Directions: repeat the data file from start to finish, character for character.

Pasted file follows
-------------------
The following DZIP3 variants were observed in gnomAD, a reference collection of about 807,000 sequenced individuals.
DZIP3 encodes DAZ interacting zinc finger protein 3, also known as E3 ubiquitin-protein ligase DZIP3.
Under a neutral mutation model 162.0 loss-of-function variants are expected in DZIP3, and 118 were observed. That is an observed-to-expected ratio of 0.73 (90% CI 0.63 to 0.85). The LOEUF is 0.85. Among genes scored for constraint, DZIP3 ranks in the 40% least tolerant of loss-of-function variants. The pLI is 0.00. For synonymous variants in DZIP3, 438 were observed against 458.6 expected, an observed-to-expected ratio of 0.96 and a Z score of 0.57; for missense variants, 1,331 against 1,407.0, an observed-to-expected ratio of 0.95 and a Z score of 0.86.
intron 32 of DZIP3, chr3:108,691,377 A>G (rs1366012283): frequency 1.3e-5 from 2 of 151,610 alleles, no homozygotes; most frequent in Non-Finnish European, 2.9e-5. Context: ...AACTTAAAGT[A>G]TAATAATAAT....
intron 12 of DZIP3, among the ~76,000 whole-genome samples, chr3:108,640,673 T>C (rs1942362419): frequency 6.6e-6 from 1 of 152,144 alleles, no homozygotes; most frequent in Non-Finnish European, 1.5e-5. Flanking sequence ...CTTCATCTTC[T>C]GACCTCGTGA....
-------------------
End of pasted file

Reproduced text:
The following DZIP3 variants were observed in gnomAD, a reference collection of about 807,000 sequenced individuals.
DZIP3 encodes DAZ interacting zinc finger protein 3, also known as E3 ubiquitin-protein ligase DZIP3.
Under a neutral mutation model 162.0 loss-of-function variants are expected in DZIP3, and 118 were observed. That is an observed-to-expected ratio of 0.73 (90% CI 0.63 to 0.85). The LOEUF is 0.85. Among genes scored for constraint, DZIP3 ranks in the 40% least tolerant of loss-of-function variants. The pLI is 0.00. For synonymous variants in DZIP3, 438 were observed against 458.6 expected, an observed-to-expected ratio of 0.96 and a Z score of 0.57; for missense variants, 1,331 against 1,407.0, an observed-to-expected ratio of 0.95 and a Z score of 0.86.
intron 32 of DZIP3, chr3:108,691,377 A>G (rs1366012283): frequency 1.3e-5 from 2 of 151,610 alleles, no homozygotes; most frequent in Non-Finnish European, 2.9e-5. Context: ...AACTTAAAGT[A>G]TAATAATAAT....
intron 12 of DZIP3, among the ~76,000 whole-genome samples, chr3:108,640,673 T>C (rs1942362419): frequency 6.6e-6 from 1 of 152,144 alleles, no homozygotes; most frequent in Non-Finnish European, 1.5e-5. Flanking sequence ...CTTCATCTTC[T>C]GACCTCGTGA....